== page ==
Road House

August 24, 2012

Let’s get the official tsk-tsking out of the way: Road House is a violent, tasteless, unbelievable movie that has no redeeming social value whatsoever. With that said, we can talk about how much fun it is.

Road House is shameless, but it’s also irresistible. Patrick Swayze, who hasn’t had a film released to theaters since he struck gold with Dirty Dancing two summers ago, stars as “the best cooler in the business.” Translation: he’s a glorified bouncer who gets hired at bad clubs and bars and turns them around. He weeds out the deadbeats, throws out the drunks, chases the dope dealers.

But this fellow is a bit odd. As he’s fond of pointing out, he has a degree in philosophy. He instructs his burly crew of bouncers to be nice to troublemakers, “until it’s time to not be nice.” And when he’s insulted, he simply comments, “Opinions vary.”

After an opening sequence in which we see his brand of Zen pugilism (he sews up his own wounds), Swayze is hired to manage a rundown roadhouse in a small town outside Kansas City. After he arrives and begins to clean the place up, he comes to realize that the town is run by an evil landowner (Ben Gazzara), who has his hands in everybody’s pockets and his goons on everybody’s backs. Inevitably, Swayze is going to have to teach this guy a lesson and make the town safe.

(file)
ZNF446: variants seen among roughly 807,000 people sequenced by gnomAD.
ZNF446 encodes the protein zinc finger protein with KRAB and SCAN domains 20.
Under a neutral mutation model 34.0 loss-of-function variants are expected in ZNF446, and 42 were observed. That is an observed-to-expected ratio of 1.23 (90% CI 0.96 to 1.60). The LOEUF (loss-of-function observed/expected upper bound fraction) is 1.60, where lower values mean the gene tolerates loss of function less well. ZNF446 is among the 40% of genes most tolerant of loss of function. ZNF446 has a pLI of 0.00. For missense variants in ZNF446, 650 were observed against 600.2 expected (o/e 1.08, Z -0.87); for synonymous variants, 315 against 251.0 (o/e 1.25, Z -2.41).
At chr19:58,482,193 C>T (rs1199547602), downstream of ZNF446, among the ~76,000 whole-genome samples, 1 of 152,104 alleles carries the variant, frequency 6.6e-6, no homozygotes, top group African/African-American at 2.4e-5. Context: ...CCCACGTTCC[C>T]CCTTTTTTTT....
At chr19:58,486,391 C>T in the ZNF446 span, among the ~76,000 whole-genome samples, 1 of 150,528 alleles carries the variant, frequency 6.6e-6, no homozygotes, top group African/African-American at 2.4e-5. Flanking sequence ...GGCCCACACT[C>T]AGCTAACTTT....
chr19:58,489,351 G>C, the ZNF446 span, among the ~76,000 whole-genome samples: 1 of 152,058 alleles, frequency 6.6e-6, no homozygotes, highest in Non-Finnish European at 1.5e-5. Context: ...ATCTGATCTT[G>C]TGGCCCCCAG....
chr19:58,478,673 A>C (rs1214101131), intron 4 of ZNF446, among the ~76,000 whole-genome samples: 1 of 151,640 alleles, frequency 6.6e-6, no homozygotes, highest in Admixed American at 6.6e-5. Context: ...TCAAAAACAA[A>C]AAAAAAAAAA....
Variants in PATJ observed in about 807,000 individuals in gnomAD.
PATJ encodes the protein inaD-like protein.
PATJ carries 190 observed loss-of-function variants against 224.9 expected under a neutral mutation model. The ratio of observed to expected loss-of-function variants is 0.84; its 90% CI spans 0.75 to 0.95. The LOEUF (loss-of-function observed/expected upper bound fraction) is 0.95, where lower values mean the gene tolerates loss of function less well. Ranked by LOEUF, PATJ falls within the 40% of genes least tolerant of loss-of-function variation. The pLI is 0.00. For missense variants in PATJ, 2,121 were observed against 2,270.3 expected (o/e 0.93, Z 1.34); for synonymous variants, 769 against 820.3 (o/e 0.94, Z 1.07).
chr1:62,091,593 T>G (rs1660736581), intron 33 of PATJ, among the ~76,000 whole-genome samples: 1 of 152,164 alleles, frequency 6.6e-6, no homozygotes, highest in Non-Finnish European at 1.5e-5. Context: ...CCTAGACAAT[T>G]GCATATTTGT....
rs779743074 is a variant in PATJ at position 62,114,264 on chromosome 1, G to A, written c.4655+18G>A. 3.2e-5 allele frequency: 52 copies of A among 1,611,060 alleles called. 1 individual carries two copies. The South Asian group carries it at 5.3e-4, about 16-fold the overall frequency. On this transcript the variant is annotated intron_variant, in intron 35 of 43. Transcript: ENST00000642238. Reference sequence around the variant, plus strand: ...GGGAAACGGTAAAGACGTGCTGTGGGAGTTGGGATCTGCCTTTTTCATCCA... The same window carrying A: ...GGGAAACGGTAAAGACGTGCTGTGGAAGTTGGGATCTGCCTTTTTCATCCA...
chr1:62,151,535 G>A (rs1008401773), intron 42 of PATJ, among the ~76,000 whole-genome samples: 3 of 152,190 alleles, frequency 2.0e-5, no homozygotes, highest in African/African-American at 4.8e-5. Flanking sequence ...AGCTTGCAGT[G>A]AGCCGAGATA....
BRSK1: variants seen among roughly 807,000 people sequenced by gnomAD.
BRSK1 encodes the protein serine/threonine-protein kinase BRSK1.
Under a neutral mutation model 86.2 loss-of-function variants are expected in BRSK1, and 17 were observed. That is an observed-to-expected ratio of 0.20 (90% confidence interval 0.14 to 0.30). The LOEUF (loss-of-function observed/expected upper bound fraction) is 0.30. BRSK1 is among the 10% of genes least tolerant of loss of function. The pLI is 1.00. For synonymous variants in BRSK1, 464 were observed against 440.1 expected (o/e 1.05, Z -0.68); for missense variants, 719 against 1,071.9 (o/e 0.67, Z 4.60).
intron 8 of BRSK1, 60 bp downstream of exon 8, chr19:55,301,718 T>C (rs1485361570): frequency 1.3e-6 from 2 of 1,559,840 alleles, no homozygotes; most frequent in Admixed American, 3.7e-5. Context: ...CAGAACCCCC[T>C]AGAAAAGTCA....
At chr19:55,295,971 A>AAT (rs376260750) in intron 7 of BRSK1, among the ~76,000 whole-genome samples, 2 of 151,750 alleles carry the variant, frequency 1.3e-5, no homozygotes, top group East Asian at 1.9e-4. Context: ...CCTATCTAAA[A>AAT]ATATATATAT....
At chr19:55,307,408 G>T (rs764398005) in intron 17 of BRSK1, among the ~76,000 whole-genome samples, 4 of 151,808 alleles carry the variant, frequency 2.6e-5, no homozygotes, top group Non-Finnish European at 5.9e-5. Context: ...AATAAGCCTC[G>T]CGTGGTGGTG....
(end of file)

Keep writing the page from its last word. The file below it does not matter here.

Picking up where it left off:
Does this sound a little bit like a Western? It should, because Road House is unabashedly a Western in modern dress, with plenty of elements of Shane and High Noon. As if we couldn’t tell, Swayze’s new girlfriend, a blond gorgeous doctor, greets him with, “So you’re the new marshal in town.”

Swayze receives a bit of help from his mentor, the now-graying king of the bouncers (Sam Elliott, who has played a few cowboys over the years, in a sly performance). The movie skillfully mixes Swayze’s martial arts, his philosophizing (“Pain doesn’t hurt,” “Nobody wins a fight”), some kissy face, good roadhouse music, as well as at least one fistfight every six minutes. It doesn’t come close to being respectable, but Road House is a brawling good time.

First published in the Herald, May 18, 1989

I know what you’re thinking: I underrated it. True. Some movies hit the sweet spot where the ridiculous becomes sublime; Road House, you are it.